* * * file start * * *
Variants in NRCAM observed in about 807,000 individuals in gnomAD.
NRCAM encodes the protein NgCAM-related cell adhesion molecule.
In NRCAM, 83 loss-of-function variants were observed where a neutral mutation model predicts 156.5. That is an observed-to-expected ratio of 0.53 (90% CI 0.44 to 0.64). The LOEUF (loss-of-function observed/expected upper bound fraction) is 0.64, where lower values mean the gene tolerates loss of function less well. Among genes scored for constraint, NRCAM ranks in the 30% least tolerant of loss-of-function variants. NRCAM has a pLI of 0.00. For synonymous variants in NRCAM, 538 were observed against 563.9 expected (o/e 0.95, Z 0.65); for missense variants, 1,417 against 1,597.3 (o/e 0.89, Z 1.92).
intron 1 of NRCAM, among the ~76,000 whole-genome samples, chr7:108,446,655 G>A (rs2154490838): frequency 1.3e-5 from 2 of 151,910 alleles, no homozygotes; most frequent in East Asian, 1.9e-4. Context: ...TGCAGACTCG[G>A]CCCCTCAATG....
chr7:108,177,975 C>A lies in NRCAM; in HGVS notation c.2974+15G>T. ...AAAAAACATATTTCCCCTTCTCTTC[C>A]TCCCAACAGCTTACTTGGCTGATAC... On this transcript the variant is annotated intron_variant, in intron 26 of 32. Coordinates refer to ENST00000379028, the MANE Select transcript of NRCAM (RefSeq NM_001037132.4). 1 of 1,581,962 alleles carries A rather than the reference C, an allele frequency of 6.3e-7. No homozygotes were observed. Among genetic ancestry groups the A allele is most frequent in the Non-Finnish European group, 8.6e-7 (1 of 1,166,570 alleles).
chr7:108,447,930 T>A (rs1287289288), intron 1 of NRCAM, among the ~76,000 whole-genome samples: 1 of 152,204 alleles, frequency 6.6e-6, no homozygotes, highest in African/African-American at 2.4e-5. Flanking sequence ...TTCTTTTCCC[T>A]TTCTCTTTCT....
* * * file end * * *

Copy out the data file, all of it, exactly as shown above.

Variants in NRCAM observed in about 807,000 individuals in gnomAD.
NRCAM encodes the protein NgCAM-related cell adhesion molecule.
In NRCAM, 83 loss-of-function variants were observed where a neutral mutation model predicts 156.5. That is an observed-to-expected ratio of 0.53 (90% CI 0.44 to 0.64). The LOEUF (loss-of-function observed/expected upper bound fraction) is 0.64, where lower values mean the gene tolerates loss of function less well. Among genes scored for constraint, NRCAM ranks in the 30% least tolerant of loss-of-function variants. NRCAM has a pLI of 0.00. For synonymous variants in NRCAM, 538 were observed against 563.9 expected (o/e 0.95, Z 0.65); for missense variants, 1,417 against 1,597.3 (o/e 0.89, Z 1.92).
intron 1 of NRCAM, among the ~76,000 whole-genome samples, chr7:108,446,655 G>A (rs2154490838): frequency 1.3e-5 from 2 of 151,910 alleles, no homozygotes; most frequent in East Asian, 1.9e-4. Context: ...TGCAGACTCG[G>A]CCCCTCAATG....
chr7:108,177,975 C>A lies in NRCAM; in HGVS notation c.2974+15G>T. ...AAAAAACATATTTCCCCTTCTCTTC[C>A]TCCCAACAGCTTACTTGGCTGATAC... On this transcript the variant is annotated intron_variant, in intron 26 of 32. Coordinates refer to ENST00000379028, the MANE Select transcript of NRCAM (RefSeq NM_001037132.4). 1 of 1,581,962 alleles carries A rather than the reference C, an allele frequency of 6.3e-7. No homozygotes were observed. Among genetic ancestry groups the A allele is most frequent in the Non-Finnish European group, 8.6e-7 (1 of 1,166,570 alleles).
chr7:108,447,930 T>A (rs1287289288), intron 1 of NRCAM, among the ~76,000 whole-genome samples: 1 of 152,204 alleles, frequency 6.6e-6, no homozygotes, highest in African/African-American at 2.4e-5. Flanking sequence ...TTCTTTTCCC[T>A]TTCTCTTTCT....